Last year’s Best Foreign Language Oscar winner, Departures, had a lot to prove. Unfair? Absolutely. Was it the best foreign film from 2008? No. Is it a good movie? Yes—not a great one, but definitely a very entertaining, well-made, and touching Japanese film.
The film, opening today at the Edina Cinema, also won 10 awards from the Japanese Academy (Japan’s equivalent of the Oscars). But among the other four Oscar nominees for Best Foreign Film—Revanche, Waltz With Bashir, The Class, and The Baader Meinhof Complex—I’d rank Departures at number three. (I have yet to see BMC, as it has not been released here yet in any capacity.)
I feel strongly that the Austrian film Revanche should have taken the Oscar. (Incidentally, it is currently playing at the Lagoon. Check it out. Fantastic film.) Waltz With Bashir was a great film too, and innovative as hell in its unique approach of presenting a documentary as a moving graphic novel. Director Ari Folman pushed the genre to a new level with this bold approach, and the story itself, concerning lost memories of the director’s time in the Lebanon War, was strong and justified the stylish approach. There’s no doubt in my mind that Departures is a better film than The Class, which many found innovative as well but I saw as a straightforward, honest, and interestingly-told story about the French school system—nothing amazing by any means. Its style didn’t feel new at all. It was yet another documentary approach to a fictional story.
But back to the film at hand: When a symphony orchestra in Tokyo disbands, Daigo Kobayashi (Masahiro Motoki) suddenly becomes unemployed. Suffering from low self-esteem, he realizes not everyone who devotes their life to music becomes a top artist. With wife Mika (Ryoko Hirosue) in tow, he moves back to his hometown in the northeastern prefecture of Yamagata to live in his late mother’s house, which doubles as the local pub.
Spotting a help wanted ad featuring the word “departures” (a clever use of the word that shows some of the film’s much-needed humor), he is excited about the prospect of trying a new career in the travel industry. The company owner, Sasaki (Tsutomu Yamazaki), hires him on the spot, with only a cursory glance at his resume. Daigo finally asks what is involved, exactly, and is stunned to learn what he has gotten himself into: the ceremonial “encoffination” of corpses prior to cremation.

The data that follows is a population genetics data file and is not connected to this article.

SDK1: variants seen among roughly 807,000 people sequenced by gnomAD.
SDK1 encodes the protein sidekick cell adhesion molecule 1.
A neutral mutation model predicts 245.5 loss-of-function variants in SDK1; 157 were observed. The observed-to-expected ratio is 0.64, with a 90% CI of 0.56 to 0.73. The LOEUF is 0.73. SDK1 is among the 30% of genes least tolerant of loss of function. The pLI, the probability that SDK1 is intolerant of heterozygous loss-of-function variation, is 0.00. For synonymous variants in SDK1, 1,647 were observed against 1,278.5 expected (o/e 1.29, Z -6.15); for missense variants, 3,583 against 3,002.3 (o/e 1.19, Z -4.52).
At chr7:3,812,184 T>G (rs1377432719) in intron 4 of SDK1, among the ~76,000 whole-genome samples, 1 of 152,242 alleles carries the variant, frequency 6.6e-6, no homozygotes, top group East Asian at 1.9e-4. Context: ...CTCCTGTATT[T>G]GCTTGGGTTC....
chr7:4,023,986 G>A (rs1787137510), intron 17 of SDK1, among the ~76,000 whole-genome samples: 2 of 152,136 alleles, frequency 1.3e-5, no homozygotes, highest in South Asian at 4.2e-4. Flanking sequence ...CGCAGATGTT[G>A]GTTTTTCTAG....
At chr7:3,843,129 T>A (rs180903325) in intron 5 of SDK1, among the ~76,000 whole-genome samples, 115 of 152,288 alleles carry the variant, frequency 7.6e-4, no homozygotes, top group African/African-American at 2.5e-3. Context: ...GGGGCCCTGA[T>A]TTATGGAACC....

Sasaki urges him to take the job, proffering large amounts of cash; he’s getting older and needs someone to carry on the tradition. Daigo overcomes his initial trepidation and agrees to try the job, but the film has more on its mind than a simple returning-to-your-roots storyline. It would be unfair of me to even hint at where the plot goes, but I will say that family and memories play a huge part in Daigo’s arc in the movie. I found these themes to be the most satisfyingly realized in the film.
Director Yôjirô Takita, unbeknownst to me until this film, strikes a perfect balance between (often) dark, matter-of-fact humor and tear-inducing emotion. His use of montage and music is very effective here; and the small town is captured skillfully, with shots that show off the mountainous backdrops.
This is not to say that Departures doesn’t have problems. It does. The running time is a bit long at 130 minutes (though it is well-paced, it could’ve been shortened), and several characters are no more than two-dimensional cardboard cutouts, not flesh-and-blood people. (Daigo’s wife and an old friend he meets upon returning, for example, are unfortunately nothing more than clichéd caricatures.) None of these issues, though, made me question that this is the work of a filmmaker who knows how to use all the available cinematic tools to tell a good story. Takita’s film feels like it could have been made in the golden era of Hollywood, when directors did what the picture asked of them. Takita may not have a flashy, distinct style that makes him stand out, but he gets the job done.
Although it wasn’t the strongest among the nominees, there is a reason Departures won the Oscar this year. Not a good one, but a reason nonetheless, and it happens often with the Academy Awards. Departures was the most accessible of the bunch. Truth be told, it’s the most Hollywood-ized of all the nominees, and it’s a much easier pill to swallow for the Academy, which is filled with old voters who don’t typically reward innovation.
Every film deserves to be viewed on its own merits, not put on some imaginary pedestal we create based on what is essentially the faux-classiest, most expensive, and glossiest popularity contest in the world. As simple and sometimes vanilla-plain as Departures can be, it has stayed with me, and chances are that audiences venturing to the Edina Theater to see it themselves will have a similar reaction. (Don’t wait, it won’t be there long.) When saw it, I was moved. In the end, that’s all that matters.
Erik McClanahan is a freelance film journalist and critic in Minneapolis. He is also co-host of KFAI’s Movie Talk.
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